This article is from the archive of our partner .

The mosquito, long man's itchiest nemesis, may soon be immune to malaria. Alas, the insect's capacity to ruin barbecues and deliver painful forearm bites would not be effected. Which brings us to an interesting question: do mosquitoes even have a point? Surely some organism--probably one that doesn't play softball on summer nights--has a use for them.

Not so writes Janet Fang in a new article for Nature.com. Unlike with nearly every other organism on the planet, the abrupt extinction of the mosquito would not drastically alter the Earth's ecology.

"[S]cientists acknowledge that the ecological scar left by a missing mosquito would heal quickly as the niche was filled by other organisms. Life would continue as before — or even better. When it comes to the major disease vectors, 'it's difficult to see what the downside would be to removal, except for collateral damage', says insect ecologist Steven Juliano, of Illinois State University in Normal. A world without mosquitoes would be 'more secure for us', says medical entomologist Carlos Brisola Marcondes from the Federal University of Santa Catarina in Brazil. 'The elimination of Anopheles would be very significant for mankind.'"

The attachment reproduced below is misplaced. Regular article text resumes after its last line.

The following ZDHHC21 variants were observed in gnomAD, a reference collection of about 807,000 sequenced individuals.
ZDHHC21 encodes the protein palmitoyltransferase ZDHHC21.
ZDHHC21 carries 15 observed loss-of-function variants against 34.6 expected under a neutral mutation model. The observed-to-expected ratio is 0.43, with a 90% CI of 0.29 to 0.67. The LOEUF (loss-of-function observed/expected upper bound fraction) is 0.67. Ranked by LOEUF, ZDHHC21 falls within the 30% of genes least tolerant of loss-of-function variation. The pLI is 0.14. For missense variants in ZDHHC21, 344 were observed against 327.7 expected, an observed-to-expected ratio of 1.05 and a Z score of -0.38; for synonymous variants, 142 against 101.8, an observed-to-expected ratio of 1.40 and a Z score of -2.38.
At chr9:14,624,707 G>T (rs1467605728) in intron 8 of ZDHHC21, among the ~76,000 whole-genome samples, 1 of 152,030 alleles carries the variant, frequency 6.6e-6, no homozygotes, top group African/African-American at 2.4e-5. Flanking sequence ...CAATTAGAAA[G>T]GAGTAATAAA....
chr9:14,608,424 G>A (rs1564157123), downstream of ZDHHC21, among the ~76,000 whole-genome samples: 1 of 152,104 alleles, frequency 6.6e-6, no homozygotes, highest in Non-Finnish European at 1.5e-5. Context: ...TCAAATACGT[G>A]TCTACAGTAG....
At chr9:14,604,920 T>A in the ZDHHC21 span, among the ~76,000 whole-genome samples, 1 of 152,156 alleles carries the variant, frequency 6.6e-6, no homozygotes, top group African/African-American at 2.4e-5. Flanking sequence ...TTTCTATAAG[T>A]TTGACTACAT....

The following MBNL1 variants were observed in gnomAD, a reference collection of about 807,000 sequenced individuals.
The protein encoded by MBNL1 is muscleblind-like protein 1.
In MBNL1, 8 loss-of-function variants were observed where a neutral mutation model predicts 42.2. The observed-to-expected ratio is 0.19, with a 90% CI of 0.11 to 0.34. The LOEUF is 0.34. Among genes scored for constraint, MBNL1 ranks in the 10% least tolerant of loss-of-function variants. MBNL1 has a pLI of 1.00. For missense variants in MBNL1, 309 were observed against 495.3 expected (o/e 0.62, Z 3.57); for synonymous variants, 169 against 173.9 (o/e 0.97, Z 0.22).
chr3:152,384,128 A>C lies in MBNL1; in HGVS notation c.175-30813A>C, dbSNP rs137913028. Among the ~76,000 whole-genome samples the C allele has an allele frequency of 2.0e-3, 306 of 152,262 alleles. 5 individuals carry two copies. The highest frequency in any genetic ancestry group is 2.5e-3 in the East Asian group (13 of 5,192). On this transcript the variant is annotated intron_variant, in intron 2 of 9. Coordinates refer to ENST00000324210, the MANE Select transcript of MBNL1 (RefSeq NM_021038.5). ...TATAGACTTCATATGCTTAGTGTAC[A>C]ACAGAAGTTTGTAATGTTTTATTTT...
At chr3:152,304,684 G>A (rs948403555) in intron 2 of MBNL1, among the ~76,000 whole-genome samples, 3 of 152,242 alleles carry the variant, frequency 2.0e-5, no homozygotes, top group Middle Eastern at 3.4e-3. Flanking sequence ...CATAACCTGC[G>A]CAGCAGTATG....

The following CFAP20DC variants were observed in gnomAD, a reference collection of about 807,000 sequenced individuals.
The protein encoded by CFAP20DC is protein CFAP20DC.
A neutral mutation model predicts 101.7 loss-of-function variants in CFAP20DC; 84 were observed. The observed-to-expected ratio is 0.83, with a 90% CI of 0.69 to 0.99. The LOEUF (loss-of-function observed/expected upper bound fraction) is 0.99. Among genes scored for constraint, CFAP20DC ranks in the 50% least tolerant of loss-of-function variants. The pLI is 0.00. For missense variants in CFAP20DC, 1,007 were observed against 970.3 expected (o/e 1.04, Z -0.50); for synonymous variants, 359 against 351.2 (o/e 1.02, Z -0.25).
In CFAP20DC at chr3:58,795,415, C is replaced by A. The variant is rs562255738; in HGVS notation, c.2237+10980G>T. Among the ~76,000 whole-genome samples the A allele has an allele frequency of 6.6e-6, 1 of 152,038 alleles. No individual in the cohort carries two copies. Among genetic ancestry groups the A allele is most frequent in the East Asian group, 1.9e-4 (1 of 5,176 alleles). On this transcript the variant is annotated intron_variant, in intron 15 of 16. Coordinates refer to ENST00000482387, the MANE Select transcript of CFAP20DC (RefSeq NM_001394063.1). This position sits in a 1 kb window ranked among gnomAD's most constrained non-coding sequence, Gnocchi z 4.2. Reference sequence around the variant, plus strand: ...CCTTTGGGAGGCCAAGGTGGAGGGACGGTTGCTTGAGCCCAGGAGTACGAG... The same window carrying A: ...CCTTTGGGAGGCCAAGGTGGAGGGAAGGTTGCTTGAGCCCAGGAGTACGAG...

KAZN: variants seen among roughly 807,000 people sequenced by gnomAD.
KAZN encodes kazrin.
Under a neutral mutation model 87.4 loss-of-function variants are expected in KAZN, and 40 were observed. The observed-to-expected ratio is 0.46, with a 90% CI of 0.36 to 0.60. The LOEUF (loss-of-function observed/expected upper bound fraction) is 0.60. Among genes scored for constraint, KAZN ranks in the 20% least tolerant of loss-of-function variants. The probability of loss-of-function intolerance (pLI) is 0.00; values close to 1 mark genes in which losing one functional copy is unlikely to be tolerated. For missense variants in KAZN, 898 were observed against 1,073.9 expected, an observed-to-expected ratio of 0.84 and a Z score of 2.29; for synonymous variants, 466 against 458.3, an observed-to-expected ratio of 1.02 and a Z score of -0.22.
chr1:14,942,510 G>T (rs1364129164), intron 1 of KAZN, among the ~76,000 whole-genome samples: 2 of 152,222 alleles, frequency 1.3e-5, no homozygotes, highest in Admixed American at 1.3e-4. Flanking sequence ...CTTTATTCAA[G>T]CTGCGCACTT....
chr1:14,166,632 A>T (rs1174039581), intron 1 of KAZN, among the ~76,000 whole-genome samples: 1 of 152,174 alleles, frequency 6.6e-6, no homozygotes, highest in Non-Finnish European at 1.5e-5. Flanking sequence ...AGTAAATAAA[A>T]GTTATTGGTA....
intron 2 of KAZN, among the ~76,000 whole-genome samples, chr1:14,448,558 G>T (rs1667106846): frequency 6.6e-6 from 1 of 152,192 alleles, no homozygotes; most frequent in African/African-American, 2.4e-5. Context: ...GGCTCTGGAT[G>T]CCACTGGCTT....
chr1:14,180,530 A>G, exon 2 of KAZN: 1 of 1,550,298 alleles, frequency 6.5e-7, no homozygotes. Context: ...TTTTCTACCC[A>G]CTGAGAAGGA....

The bugs are officially on notice.

This article is from the archive of our partner The Wire.

We want to hear what you think about this article. Submit a letter to the editor or write to letters@theatlantic.com.